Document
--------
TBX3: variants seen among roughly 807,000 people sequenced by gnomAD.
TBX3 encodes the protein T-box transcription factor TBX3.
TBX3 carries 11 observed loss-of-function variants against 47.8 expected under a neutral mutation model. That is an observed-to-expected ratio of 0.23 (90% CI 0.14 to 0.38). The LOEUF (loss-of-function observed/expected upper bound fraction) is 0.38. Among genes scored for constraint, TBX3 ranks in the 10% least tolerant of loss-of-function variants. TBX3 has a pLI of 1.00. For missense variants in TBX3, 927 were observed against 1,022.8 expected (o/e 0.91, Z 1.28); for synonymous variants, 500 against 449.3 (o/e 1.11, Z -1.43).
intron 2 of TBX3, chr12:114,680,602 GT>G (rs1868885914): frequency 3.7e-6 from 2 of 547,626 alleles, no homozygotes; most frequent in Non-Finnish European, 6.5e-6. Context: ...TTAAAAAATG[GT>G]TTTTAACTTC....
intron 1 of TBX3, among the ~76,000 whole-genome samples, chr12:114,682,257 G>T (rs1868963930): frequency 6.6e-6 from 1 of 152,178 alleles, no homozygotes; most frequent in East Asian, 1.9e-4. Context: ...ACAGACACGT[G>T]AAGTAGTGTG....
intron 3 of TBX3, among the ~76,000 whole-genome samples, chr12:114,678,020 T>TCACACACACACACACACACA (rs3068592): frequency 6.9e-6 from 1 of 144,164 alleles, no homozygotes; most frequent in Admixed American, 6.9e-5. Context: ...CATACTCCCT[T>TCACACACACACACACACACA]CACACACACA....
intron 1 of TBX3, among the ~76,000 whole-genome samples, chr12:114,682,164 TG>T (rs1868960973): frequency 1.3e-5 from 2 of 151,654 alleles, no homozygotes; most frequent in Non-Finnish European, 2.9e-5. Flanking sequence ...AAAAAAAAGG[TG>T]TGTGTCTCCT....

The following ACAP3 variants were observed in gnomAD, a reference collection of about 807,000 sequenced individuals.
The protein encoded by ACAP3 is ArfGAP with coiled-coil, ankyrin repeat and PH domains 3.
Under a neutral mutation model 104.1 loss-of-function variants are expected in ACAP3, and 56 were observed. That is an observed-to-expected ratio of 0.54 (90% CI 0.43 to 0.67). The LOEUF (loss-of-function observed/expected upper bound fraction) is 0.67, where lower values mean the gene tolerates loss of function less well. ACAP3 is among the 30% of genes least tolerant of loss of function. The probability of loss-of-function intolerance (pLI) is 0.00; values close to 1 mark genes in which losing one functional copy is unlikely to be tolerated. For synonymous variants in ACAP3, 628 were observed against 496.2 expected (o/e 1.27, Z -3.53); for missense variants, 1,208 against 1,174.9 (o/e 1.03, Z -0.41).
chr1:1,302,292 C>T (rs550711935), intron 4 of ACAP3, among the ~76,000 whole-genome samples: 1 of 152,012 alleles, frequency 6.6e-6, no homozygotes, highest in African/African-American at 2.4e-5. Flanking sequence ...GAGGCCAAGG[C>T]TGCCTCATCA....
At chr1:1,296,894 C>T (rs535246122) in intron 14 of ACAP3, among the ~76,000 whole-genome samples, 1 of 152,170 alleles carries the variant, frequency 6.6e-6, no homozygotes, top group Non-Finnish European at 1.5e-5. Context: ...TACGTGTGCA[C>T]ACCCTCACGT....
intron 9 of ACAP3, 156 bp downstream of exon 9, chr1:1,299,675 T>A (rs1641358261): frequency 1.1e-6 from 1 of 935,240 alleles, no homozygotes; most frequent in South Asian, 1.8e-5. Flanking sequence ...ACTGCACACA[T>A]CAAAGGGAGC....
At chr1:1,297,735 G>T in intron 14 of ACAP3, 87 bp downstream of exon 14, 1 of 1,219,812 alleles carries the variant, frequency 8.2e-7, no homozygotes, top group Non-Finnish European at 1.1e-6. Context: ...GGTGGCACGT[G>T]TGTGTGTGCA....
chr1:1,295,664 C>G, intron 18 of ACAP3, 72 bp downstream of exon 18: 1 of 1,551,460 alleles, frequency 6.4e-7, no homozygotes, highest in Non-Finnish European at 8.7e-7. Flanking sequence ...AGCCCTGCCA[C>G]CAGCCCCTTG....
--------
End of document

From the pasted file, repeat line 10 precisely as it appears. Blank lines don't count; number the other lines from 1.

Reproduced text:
Under a neutral mutation model 104.1 loss-of-function variants are expected in ACAP3, and 56 were observed. That is an observed-to-expected ratio of 0.54 (90% CI 0.43 to 0.67). The LOEUF (loss-of-function observed/expected upper bound fraction) is 0.67, where lower values mean the gene tolerates loss of function less well. ACAP3 is among the 30% of genes least tolerant of loss of function. The probability of loss-of-function intolerance (pLI) is 0.00; values close to 1 mark genes in which losing one functional copy is unlikely to be tolerated. For synonymous variants in ACAP3, 628 were observed against 496.2 expected (o/e 1.27, Z -3.53); for missense variants, 1,208 against 1,174.9 (o/e 1.03, Z -0.41).